According to James Boice (see last post in the series), if you asked people to honestly describe their needs, they might describe one as: “We have minds. So we have a need to know things rightly, to understand. We need wisdom.” In Isaiah 9:6, Jesus, the Christ of Christmas, is described as our Wonderful Counselor, who meets our need for wisdom.
But what is wisdom? Wisdom is about taking the right action, not about being book smart, or accumulating facts. You don’t need to be brilliant to have wisdom. Wisdom looks forward. It is proactive and specific to you. Nobody else’s situation is your situation, and nobody else has the same history, relationships, abilities, and resources. Your path is your own.
Why do we need wisdom? Because our inner conscience is not one, clear voice with the right answer. It is a jumble of influences and desires, which I’ve described as a multi-voiced “Moral GPS.” How do you even choose from among your own wants? Everyone is limited by time and resources. Also, what if your wants conflict with each other? “I love junk food, but I want to be healthy.” Also, how do you decide what is “good” to do? Who decides what is “harmful”? What if someone else’s desires harm you? Can you tell them their desires are wrong, or even disagree on what “harm” is, in a world where everyone just lives by their own messy conscience?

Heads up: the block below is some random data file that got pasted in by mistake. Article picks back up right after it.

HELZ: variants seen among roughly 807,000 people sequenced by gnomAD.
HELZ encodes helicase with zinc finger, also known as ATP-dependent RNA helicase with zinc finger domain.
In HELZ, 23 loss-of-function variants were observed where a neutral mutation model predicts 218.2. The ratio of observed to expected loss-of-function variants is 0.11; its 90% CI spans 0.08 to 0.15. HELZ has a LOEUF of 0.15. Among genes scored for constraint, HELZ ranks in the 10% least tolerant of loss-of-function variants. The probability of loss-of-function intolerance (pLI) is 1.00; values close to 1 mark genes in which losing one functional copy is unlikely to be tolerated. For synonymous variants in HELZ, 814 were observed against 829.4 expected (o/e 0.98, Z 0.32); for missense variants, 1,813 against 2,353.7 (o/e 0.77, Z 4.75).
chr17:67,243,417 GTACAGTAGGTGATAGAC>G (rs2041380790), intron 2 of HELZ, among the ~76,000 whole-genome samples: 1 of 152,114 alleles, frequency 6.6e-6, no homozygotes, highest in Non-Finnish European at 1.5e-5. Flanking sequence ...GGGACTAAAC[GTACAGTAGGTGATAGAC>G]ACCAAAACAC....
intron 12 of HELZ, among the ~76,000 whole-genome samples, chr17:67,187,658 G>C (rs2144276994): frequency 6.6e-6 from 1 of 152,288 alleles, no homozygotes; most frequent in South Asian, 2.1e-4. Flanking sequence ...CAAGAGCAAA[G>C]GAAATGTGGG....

We are never truly free. Absolute freedom is not good, or even possible, and therefore we need a reliable filter and that is what wisdom is. Wisdom enables us to choose the best possible path from among the many choices before us. This is especially tricky as multiple paths may look “true” or “best” to us, and most paths have ripple effects we can’t possibly anticipate. In our world information is more readily available than ever before, but many people just seem more overwhelmed by it all.
Only someone who knows us perfectly, who knows every possible consequence of our choices on us and on others, and who loves us with our best interests in mind is qualified to be our Wonderful Counselor and worthy of our trust. Others can provide incomplete guidance – parents, teachers, ministers, writers, philosophers – but each of these also needs its own filter.
In the gift of Jesus as Wonderful Counselor we can satisfy one of our deepest needs: “To know the truth! Jesus Christ is the truth, and he is for us a Wonderful Counselor.” (Boice)
As God, He has no gaps in his knowledge or biases and therefore His words to us are not an inadequate abstraction or wishful thinking. He alone is perfectly trustworthy. He does not want to scold or punish you, but to guide you in perfect wisdom that only He can provide. He does not magically tell you everywhere to go, holding up signs, but desires a relationship. To walk with you and guide you to life eternal. He wants us to invite Him into our lives, and He is Wonderful.
This is the first gift of Christ in Christmas.
The next post in the series is here.
 Keller, Timothy. Making Sense of God (2016). This paragraph draws from Chapter 5.